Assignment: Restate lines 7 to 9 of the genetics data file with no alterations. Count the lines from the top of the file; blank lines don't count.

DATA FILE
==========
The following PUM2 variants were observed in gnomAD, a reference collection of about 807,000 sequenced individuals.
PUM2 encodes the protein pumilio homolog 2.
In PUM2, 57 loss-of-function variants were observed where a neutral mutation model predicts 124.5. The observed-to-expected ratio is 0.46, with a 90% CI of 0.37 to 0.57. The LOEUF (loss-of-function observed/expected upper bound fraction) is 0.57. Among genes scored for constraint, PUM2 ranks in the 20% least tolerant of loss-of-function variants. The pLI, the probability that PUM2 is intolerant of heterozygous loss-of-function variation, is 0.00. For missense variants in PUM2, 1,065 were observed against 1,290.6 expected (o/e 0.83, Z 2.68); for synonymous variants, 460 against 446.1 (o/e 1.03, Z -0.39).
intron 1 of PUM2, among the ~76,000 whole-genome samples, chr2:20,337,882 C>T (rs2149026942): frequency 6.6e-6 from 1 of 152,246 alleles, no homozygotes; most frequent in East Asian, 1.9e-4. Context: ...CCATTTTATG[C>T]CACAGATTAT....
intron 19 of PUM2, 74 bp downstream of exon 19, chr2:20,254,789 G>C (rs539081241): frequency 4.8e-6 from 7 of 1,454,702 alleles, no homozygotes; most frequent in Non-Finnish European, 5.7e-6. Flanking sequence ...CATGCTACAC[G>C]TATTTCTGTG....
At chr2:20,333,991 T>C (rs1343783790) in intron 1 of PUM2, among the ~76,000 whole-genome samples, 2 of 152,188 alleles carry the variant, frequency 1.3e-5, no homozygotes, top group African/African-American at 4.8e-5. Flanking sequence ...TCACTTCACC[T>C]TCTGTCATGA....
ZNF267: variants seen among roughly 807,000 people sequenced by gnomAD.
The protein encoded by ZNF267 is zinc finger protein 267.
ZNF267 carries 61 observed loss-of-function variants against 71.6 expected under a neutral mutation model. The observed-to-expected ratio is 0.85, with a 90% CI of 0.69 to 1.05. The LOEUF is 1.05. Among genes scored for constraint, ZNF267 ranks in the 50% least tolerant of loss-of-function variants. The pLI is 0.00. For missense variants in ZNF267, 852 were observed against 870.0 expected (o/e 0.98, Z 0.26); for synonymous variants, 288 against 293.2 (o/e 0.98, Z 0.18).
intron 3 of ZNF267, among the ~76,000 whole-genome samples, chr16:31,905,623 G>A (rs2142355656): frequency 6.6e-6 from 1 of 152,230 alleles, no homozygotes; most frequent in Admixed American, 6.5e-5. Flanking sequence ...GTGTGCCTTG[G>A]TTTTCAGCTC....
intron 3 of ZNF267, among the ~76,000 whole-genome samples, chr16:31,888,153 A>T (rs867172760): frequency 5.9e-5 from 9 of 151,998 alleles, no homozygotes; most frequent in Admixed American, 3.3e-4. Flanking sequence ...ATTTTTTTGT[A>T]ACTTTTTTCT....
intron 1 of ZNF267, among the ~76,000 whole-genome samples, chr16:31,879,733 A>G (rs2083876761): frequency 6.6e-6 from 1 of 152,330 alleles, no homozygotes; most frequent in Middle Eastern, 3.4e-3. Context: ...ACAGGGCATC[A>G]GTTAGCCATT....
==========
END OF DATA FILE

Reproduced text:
ZNF267: variants seen among roughly 807,000 people sequenced by gnomAD.
The protein encoded by ZNF267 is zinc finger protein 267.
ZNF267 carries 61 observed loss-of-function variants against 71.6 expected under a neutral mutation model. The observed-to-expected ratio is 0.85, with a 90% CI of 0.69 to 1.05. The LOEUF is 1.05. Among genes scored for constraint, ZNF267 ranks in the 50% least tolerant of loss-of-function variants. The pLI is 0.00. For missense variants in ZNF267, 852 were observed against 870.0 expected (o/e 0.98, Z 0.26); for synonymous variants, 288 against 293.2 (o/e 0.98, Z 0.18).